Wednesday, February 14, 2018

President Trump made 2,140 false or misleading claims in his first year

Mark Goldring, knew of sex claims The Times

In the 21st century it has become increasingly critical for every individual to continuously seek out the facts and readily identify them from false and/or misleading information, stories, narratives, and speech, regardless of the person groups or entities that propagate speech that is is predicated on lies. The challenge of accomplishing this goal has ramped up dramatically in the past several years as we are literally overwhelmed by a deluge of “fake-based writing” (whether in the form of memos, videos, social media, official documents, website content, or another number of other formats) – and specifically those that go the root of creating corrupt communications. I use the word corruption with intent – per Merriam Webster – a departure from the original or from what is pure or correct. Blatantly false (as in the opposite of true), incorrect, misleading and simply unsubstantiated statements made by a person or persons in positions of authority, leadership and power have supposedly left whole swaths of Americans’ numb to the truth – unable and unwilling to make the effort necessary to actively and consistently engage with the truth – this is, if I may say, poppycock.

Art At The Beach
Photo collage by Dan Cretu.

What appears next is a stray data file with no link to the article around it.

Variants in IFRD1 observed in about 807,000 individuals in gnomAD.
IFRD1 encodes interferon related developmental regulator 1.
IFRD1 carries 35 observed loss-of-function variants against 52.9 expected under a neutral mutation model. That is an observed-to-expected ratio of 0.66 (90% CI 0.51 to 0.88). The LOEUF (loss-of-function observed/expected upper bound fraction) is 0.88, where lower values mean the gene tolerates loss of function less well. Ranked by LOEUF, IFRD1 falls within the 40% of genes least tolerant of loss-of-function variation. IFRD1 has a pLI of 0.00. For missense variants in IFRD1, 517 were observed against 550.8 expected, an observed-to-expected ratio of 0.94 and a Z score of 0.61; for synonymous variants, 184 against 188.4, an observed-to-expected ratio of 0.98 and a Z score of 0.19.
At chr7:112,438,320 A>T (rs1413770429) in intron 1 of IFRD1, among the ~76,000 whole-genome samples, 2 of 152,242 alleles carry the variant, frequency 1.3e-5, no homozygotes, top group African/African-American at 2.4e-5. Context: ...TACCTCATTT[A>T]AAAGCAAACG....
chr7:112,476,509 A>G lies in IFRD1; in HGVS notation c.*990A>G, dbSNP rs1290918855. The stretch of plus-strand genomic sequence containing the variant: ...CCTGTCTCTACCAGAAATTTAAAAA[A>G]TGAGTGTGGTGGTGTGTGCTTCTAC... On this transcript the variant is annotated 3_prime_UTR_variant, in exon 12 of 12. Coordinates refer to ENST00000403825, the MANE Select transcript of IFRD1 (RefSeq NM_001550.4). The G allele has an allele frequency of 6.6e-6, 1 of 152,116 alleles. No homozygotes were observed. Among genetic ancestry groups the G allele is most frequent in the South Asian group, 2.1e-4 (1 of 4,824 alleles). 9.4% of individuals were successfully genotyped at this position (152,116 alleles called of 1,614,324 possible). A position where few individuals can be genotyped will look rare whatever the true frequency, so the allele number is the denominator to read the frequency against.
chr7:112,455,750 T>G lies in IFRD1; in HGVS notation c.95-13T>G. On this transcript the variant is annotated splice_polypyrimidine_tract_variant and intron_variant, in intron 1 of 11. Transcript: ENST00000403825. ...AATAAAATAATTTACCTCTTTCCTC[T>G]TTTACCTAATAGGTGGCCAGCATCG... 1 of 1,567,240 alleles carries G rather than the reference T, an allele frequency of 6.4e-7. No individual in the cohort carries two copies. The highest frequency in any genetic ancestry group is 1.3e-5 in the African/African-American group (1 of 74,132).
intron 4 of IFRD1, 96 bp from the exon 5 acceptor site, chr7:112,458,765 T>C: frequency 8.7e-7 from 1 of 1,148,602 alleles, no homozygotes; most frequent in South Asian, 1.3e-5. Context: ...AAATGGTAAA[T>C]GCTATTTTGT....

Please see this January 20m 2018 Washington Post article:”…one year after taking the oath of office, President Trump has made 2,140 false or misleading claims, according to The Fact Checker’s database that analyzes, categorizes and tracks every suspect statement uttered by the president. That’s an average of nearly 5.9 claims a day. We started this project as part of our coverage of the president’s first 100 days, largely because we could not possibly keep up with the pace and volume of the president’s misstatements. Readers demanded we keep it going for another year. The database has proved so useful — and even sparked the interest of academicians — that we now plan to keep it going for the rest of Trump’s presidency. Our interactive graphic, created with the help of Leslie Shapiro and Kaeti Hinck of The Post graphics department, displays a running list of every false or misleading statement made by Trump. We also catalogued the president’s many flip-flops, since those earn Upside-Down Pinocchios if a politician shifts position on an issue without acknowledging he or she did so. While the president is known to make outrageous claims on Twitter — and that was certainly a major source of his falsehoods — he made most of his false statements in unscripted remarks before reporters. Prepared speeches and interviews were other key sources of false claims. That’s because the president relies on talking points or assertions that he had made in the past — and continued to make, even though they had been fact-checked as wrong. This makes Trump somewhat unique among politicians. Many will drop a false claim after it has been deemed false. But Trump just repeats the same claim over and over, perhaps believing that repetition will make it ring truer…”